How Much Life Insurance Do I Need? Life Insurance Company Websites May Not Be the Best Place to Find Out

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The Customer Respect Group today released findings from its Study of Life Insurance Tools. The study evaluated a vital consumer tool — “How Much Life Insurance Do I Need?”— on the websites of 20 leading life insurance companies, looking at 20 separate attributes to compare the tools across sites. As more consumers go online to research products such as life insurance, understanding how much coverage is recommended is one of those fundamental questions. Insurers report significant tool activity confirming consumer interest. The general conclusion of the study however is that consumers will not gain a clear idea of what the question “How much life insurance do I need?” actually means, let alone get a sensible answer. Complicated language, a huge variation in information requested and coverage amounts suggested, and confusing results presentations were just some of the shortcomings uncovered. Many sites still rely on inexpensive third-party generic calculators that don’t make a good impression or integrate into a logical task flow.

The Customer Respect Group, an international research and consulting firm that focuses on how corporations treat their online customers, today released findings from its Study of Life Insurance Tools.

The study evaluated a vital consumer tool — “How Much Life Insurance Do I Need?”— on the websites of 20 leading life insurance companies, looking at 20 separate attributes to compare the tools across sites.

As more consumers go online to research products such as life insurance, understanding how much coverage is recommended is one of those fundamental questions. Insurers report significant tool activity confirming consumer interest. The general conclusion of the study however is that consumers will not gain a clear idea of what the question “How much life insurance do I need?” actually means, let alone get a sensible answer. Complicated language, a huge variation in information requested and coverage amounts suggested, and confusing results presentations were just some of the shortcomings uncovered. Many sites still rely on inexpensive third-party generic calculators that don’t make a good impression or integrate into a logical task flow.

Select findings

Little consistency — bad for consumers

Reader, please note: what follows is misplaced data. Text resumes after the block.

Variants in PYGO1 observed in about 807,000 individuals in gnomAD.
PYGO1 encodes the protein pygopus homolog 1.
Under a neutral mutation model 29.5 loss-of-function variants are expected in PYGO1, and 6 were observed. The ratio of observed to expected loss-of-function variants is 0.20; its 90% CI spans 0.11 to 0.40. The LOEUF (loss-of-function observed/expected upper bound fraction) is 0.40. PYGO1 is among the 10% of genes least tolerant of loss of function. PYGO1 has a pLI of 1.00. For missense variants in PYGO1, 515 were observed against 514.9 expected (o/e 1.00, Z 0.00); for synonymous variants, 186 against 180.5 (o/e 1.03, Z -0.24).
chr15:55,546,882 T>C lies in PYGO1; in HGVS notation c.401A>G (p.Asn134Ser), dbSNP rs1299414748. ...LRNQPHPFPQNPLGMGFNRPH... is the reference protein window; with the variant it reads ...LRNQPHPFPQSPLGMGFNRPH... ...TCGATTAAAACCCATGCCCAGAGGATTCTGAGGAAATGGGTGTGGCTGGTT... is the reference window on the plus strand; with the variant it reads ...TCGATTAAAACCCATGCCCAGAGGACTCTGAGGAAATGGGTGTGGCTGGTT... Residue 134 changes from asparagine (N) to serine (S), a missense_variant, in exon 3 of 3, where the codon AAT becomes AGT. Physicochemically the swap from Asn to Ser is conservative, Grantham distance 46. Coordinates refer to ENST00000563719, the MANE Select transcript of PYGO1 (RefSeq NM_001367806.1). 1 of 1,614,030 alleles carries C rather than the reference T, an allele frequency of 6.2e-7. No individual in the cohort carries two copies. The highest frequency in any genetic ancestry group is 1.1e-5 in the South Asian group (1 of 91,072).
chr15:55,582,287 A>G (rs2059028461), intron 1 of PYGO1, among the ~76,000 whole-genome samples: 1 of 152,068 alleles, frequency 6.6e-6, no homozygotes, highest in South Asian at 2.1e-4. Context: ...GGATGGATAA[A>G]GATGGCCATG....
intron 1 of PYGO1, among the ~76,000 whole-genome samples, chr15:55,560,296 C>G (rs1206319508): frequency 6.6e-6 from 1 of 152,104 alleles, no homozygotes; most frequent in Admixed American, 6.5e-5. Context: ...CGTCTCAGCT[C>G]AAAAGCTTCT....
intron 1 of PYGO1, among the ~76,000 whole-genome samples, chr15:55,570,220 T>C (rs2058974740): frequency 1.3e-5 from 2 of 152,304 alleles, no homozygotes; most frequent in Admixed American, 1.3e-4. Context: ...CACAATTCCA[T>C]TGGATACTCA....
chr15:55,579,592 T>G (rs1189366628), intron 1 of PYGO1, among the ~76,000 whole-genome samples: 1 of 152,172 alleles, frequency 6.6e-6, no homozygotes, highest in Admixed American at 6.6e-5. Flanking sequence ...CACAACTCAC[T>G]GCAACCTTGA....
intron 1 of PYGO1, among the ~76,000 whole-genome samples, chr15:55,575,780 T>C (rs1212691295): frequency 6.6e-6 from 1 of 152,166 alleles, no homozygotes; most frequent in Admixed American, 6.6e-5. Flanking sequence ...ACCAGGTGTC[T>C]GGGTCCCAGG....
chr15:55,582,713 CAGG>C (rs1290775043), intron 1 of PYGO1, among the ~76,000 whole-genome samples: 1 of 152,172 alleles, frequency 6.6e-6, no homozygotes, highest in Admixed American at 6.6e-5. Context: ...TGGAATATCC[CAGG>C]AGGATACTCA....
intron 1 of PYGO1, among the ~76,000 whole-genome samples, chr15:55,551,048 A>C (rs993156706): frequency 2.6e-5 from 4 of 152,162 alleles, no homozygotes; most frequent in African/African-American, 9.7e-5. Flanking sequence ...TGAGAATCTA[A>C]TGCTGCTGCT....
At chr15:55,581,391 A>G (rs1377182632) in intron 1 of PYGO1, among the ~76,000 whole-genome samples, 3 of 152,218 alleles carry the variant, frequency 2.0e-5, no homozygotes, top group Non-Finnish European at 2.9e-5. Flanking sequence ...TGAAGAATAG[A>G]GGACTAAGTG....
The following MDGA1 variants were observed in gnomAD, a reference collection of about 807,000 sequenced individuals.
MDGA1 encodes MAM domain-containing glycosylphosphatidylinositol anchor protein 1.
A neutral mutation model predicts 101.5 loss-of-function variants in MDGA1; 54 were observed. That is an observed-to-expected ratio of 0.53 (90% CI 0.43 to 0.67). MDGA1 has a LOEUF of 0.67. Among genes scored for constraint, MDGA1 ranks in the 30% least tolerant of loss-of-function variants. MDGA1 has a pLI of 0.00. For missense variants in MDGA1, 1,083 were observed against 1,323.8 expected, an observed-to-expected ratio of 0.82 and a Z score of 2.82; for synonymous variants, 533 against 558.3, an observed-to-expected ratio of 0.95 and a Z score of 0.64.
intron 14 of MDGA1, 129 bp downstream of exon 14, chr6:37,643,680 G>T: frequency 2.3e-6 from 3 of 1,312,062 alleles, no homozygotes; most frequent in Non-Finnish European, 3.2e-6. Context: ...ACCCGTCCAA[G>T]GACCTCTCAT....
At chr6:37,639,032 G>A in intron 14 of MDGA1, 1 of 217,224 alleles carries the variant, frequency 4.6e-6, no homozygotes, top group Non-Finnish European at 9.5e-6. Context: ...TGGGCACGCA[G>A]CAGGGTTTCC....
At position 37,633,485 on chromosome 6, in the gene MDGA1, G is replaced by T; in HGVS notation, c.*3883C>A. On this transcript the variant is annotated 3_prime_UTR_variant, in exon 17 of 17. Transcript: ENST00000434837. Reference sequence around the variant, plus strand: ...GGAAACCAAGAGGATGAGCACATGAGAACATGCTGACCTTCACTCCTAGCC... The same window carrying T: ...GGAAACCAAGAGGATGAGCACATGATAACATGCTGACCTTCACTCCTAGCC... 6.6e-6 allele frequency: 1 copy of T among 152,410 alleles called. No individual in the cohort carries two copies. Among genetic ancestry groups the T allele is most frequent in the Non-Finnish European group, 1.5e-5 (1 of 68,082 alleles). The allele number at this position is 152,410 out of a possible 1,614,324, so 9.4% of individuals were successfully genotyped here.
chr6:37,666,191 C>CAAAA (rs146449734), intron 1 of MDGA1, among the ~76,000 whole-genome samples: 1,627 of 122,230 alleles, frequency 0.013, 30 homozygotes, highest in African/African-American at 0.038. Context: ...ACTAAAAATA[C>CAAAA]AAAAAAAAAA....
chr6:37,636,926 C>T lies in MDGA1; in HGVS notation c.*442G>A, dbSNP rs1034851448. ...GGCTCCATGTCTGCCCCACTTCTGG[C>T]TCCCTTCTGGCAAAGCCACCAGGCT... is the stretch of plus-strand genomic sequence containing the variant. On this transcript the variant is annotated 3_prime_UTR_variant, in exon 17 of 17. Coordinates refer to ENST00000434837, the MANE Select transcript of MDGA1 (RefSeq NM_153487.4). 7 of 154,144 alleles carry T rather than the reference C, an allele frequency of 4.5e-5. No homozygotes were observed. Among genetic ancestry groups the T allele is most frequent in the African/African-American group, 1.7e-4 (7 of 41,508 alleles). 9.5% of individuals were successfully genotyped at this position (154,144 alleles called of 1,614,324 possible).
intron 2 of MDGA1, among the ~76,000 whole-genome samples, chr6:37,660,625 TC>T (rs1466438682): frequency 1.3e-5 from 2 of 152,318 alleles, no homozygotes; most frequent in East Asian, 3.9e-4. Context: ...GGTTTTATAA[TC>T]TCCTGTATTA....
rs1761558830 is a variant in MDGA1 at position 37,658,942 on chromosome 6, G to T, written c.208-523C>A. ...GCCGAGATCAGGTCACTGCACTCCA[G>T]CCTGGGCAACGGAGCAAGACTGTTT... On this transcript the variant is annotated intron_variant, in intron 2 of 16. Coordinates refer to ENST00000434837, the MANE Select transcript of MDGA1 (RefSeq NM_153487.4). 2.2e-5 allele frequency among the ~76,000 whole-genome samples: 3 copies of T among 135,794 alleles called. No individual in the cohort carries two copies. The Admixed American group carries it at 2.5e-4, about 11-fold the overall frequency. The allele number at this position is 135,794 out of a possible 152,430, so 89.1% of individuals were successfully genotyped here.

Comparison-shopping is second nature for consumers. However, anyone who wants a second or third opinion online on how much life cover will encounter significant issues. Input criteria vary substantially, both in terms of the amount of data asked for and the different items asked for in tools of similar length. Worse, the coverage amounts recommended vary drastically with the top-end value typically three times or more that of the bottom value.

Not all calculators are easy to find
Some companies have yet to accept that clear navigation to important tasks needs to be constantly improved. On the other hand, some sites have big colored buttons that lead to calculators and are difficult to miss. Another issue on some sites was links that were good in some areas but absent from others. Furthermore, to signpost to calculators, some sites use terms that would not be recognized as such by most consumers, including “Modal Charge Disclosure And Annual Percentage Rate Calculator,” “Virtual Consultation Calculator” or even “Life Calculator.”

Integration with other tasks is growing but next step is not always clear
Nine sites with calculators also had quote engines, but not every one of the sites offered clear links between them. Just four calculators passed results directly to the first stage of quote engines. Just three sites provided a logical process to pass results to an agent so the process could proceed offline. As for helping consumers move on to other related tasks, many calculators were literally dead ends.

Language help text and design cause confusion
Too many examples of confusing language were found, consisting of two main types: jargon and company-centric terms — e.g., “PV Of Survivor’s Earned Income (adjusted)” and ambiguous wording, “Continue Income at 53%” (of what?). Help text should clarify such matters; while there were some great examples, there were some truly awful ones also. Design issues were centered on clutter and when the layout of a tool was inherently confusing.

Simple or complex — variation in results presentation
Simplicity is the key when showing results. Some companies showed a single result, while others supplied tables of detailed projections covering 25 years or more. A little over half the companies displayed results in the form of graphs, but only two showed charts that updated in real time as data was entered.

The top-performing companies were:

Company    Score (out of 100)
USAA             76
State Farm        72
Allstate             61
Liberty Mutual 57
MetLife             57
ING                 54
Principal Financial 53
AXA Equitable 50
Mutual of Omaha 40
American Family 40

According to Terry Golesworthy, president of The Customer Respect Group, “This is an example of a problem created out of internal conflicts about the true role of the website. There is a long-standing industry belief that consumers cannot or should not self-serve life insurance and need to speak to an agent. We understand the hesitation of many insurers in providing quote engines, but this tool is a natural entry point and an opportunity to reach out and impress the consumer at the research stage. Insurers need to accept that many consumers now prefer to self-serve and take control over the buying process.”

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Terry Golesworthy
The Customer Respect Group
(978) 412-0019
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